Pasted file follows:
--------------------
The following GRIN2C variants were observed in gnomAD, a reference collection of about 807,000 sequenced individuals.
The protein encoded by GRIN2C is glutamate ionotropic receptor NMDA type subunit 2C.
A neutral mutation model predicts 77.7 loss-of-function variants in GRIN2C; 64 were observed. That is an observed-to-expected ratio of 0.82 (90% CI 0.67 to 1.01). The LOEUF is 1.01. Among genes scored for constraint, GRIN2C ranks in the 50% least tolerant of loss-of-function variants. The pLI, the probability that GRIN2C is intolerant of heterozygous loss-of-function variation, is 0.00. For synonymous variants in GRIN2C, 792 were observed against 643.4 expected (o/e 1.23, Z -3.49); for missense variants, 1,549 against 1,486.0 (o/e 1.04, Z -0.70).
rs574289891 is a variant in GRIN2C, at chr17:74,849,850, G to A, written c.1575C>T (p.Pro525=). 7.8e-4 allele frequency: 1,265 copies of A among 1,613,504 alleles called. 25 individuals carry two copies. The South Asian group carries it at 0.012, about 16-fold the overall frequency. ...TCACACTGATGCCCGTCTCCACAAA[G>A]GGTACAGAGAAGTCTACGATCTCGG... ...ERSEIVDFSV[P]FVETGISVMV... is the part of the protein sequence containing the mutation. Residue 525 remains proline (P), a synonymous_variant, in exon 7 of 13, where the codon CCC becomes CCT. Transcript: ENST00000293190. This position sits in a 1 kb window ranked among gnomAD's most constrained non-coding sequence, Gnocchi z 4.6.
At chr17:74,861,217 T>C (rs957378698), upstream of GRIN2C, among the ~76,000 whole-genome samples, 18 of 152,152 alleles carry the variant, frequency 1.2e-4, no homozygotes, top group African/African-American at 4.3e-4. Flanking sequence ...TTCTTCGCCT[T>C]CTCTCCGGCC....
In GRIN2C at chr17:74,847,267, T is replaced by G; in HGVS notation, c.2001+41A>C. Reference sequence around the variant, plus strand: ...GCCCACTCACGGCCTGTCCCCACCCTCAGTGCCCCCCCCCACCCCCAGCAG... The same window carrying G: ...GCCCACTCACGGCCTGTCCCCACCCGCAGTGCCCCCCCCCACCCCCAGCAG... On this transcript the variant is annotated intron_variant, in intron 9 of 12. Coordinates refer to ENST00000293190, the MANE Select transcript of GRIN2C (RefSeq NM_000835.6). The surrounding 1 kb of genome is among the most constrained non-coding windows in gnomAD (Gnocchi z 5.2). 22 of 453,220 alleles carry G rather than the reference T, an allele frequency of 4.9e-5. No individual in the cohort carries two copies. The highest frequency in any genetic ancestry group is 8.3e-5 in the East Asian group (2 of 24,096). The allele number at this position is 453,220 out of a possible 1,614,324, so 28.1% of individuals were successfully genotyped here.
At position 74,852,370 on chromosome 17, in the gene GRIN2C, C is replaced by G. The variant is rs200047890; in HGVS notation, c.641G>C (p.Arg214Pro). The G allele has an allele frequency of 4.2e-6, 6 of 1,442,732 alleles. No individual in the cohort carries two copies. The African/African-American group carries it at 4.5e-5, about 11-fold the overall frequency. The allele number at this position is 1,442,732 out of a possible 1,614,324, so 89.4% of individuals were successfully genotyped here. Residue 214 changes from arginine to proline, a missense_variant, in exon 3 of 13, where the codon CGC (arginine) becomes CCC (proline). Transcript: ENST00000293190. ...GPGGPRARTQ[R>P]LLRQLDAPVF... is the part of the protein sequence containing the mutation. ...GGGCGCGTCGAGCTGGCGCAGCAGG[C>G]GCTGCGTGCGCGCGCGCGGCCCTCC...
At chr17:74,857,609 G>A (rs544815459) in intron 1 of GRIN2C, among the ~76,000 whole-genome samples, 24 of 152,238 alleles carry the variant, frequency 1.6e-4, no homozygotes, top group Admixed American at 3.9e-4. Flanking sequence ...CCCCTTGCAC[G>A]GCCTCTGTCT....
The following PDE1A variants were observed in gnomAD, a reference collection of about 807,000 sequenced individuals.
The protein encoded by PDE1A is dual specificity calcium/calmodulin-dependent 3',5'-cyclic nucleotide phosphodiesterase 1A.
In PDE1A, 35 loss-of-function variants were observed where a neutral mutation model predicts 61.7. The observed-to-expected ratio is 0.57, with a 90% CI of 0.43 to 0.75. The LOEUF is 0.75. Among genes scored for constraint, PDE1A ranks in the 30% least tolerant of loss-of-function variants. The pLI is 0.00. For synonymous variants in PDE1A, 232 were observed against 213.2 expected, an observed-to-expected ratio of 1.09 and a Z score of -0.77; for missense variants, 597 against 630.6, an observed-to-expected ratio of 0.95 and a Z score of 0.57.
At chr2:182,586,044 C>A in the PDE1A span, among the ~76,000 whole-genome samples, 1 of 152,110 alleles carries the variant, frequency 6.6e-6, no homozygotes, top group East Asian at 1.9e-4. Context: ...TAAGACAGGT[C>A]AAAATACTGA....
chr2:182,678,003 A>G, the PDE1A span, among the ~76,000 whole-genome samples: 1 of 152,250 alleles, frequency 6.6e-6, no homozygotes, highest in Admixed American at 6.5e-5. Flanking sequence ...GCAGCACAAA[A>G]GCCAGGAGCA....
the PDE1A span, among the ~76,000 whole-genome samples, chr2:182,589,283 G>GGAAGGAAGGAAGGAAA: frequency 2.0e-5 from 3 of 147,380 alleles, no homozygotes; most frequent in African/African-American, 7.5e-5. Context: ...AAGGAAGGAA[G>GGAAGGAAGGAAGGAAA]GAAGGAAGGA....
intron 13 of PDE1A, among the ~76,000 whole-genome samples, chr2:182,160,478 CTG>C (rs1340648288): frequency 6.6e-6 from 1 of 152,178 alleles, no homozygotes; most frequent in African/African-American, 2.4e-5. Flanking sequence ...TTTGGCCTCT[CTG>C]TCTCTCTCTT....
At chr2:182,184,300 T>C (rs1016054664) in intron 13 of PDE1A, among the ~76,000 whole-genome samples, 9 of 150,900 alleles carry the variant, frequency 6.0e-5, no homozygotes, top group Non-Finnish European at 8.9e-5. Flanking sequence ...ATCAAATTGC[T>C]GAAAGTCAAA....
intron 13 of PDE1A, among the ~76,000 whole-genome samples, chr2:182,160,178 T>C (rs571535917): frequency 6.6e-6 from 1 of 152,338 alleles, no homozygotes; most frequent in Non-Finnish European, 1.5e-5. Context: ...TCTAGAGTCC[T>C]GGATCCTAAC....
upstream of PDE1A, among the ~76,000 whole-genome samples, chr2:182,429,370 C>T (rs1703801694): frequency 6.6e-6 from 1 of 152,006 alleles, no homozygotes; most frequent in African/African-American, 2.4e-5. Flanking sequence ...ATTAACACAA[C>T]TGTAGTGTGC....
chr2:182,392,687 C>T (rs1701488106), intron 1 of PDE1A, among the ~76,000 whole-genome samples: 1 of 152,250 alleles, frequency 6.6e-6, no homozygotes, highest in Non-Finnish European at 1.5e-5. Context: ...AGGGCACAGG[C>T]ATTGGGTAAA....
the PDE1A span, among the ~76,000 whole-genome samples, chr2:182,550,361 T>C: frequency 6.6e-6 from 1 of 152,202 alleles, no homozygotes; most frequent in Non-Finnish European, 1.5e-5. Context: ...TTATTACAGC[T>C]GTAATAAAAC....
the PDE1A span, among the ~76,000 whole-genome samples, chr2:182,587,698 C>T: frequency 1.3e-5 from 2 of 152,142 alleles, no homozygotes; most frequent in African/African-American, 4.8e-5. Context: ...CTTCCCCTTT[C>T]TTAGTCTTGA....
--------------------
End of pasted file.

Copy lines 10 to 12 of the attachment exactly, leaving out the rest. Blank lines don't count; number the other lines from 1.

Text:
The protein encoded by PDE1A is dual specificity calcium/calmodulin-dependent 3',5'-cyclic nucleotide phosphodiesterase 1A.
In PDE1A, 35 loss-of-function variants were observed where a neutral mutation model predicts 61.7. The observed-to-expected ratio is 0.57, with a 90% CI of 0.43 to 0.75. The LOEUF is 0.75. Among genes scored for constraint, PDE1A ranks in the 30% least tolerant of loss-of-function variants. The pLI is 0.00. For synonymous variants in PDE1A, 232 were observed against 213.2 expected, an observed-to-expected ratio of 1.09 and a Z score of -0.77; for missense variants, 597 against 630.6, an observed-to-expected ratio of 0.95 and a Z score of 0.57.
At chr2:182,586,044 C>A in the PDE1A span, among the ~76,000 whole-genome samples, 1 of 152,110 alleles carries the variant, frequency 6.6e-6, no homozygotes, top group East Asian at 1.9e-4. Context: ...TAAGACAGGT[C>A]AAAATACTGA....